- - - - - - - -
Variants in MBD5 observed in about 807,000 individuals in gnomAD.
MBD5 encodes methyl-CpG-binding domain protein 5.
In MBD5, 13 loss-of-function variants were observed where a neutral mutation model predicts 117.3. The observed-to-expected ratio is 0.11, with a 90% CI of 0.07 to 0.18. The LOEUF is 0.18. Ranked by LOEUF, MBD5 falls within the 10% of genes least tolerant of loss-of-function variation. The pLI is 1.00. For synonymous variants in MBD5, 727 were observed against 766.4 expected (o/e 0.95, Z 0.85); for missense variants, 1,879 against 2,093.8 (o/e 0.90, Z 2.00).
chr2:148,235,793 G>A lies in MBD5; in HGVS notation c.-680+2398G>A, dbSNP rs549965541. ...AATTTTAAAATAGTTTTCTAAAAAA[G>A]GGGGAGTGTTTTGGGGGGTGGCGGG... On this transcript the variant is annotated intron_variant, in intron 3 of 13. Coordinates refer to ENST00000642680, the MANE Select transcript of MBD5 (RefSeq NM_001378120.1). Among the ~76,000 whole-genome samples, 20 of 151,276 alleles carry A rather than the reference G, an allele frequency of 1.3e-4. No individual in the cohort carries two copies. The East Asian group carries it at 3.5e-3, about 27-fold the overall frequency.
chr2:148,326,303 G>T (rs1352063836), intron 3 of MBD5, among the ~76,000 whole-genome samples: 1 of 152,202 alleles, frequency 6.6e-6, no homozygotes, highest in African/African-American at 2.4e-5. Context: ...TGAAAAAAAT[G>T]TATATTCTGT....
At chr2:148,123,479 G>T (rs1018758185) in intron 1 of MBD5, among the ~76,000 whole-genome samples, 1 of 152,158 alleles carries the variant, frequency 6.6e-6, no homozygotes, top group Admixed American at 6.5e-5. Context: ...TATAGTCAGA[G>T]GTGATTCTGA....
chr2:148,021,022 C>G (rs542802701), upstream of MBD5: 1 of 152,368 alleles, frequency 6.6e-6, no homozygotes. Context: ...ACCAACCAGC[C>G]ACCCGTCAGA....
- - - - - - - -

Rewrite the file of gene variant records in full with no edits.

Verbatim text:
Variants in MBD5 observed in about 807,000 individuals in gnomAD.
MBD5 encodes methyl-CpG-binding domain protein 5.
In MBD5, 13 loss-of-function variants were observed where a neutral mutation model predicts 117.3. The observed-to-expected ratio is 0.11, with a 90% CI of 0.07 to 0.18. The LOEUF is 0.18. Ranked by LOEUF, MBD5 falls within the 10% of genes least tolerant of loss-of-function variation. The pLI is 1.00. For synonymous variants in MBD5, 727 were observed against 766.4 expected (o/e 0.95, Z 0.85); for missense variants, 1,879 against 2,093.8 (o/e 0.90, Z 2.00).
chr2:148,235,793 G>A lies in MBD5; in HGVS notation c.-680+2398G>A, dbSNP rs549965541. ...AATTTTAAAATAGTTTTCTAAAAAA[G>A]GGGGAGTGTTTTGGGGGGTGGCGGG... On this transcript the variant is annotated intron_variant, in intron 3 of 13. Coordinates refer to ENST00000642680, the MANE Select transcript of MBD5 (RefSeq NM_001378120.1). Among the ~76,000 whole-genome samples, 20 of 151,276 alleles carry A rather than the reference G, an allele frequency of 1.3e-4. No individual in the cohort carries two copies. The East Asian group carries it at 3.5e-3, about 27-fold the overall frequency.
chr2:148,326,303 G>T (rs1352063836), intron 3 of MBD5, among the ~76,000 whole-genome samples: 1 of 152,202 alleles, frequency 6.6e-6, no homozygotes, highest in African/African-American at 2.4e-5. Context: ...TGAAAAAAAT[G>T]TATATTCTGT....
At chr2:148,123,479 G>T (rs1018758185) in intron 1 of MBD5, among the ~76,000 whole-genome samples, 1 of 152,158 alleles carries the variant, frequency 6.6e-6, no homozygotes, top group Admixed American at 6.5e-5. Context: ...TATAGTCAGA[G>T]GTGATTCTGA....
chr2:148,021,022 C>G (rs542802701), upstream of MBD5: 1 of 152,368 alleles, frequency 6.6e-6, no homozygotes. Context: ...ACCAACCAGC[C>G]ACCCGTCAGA....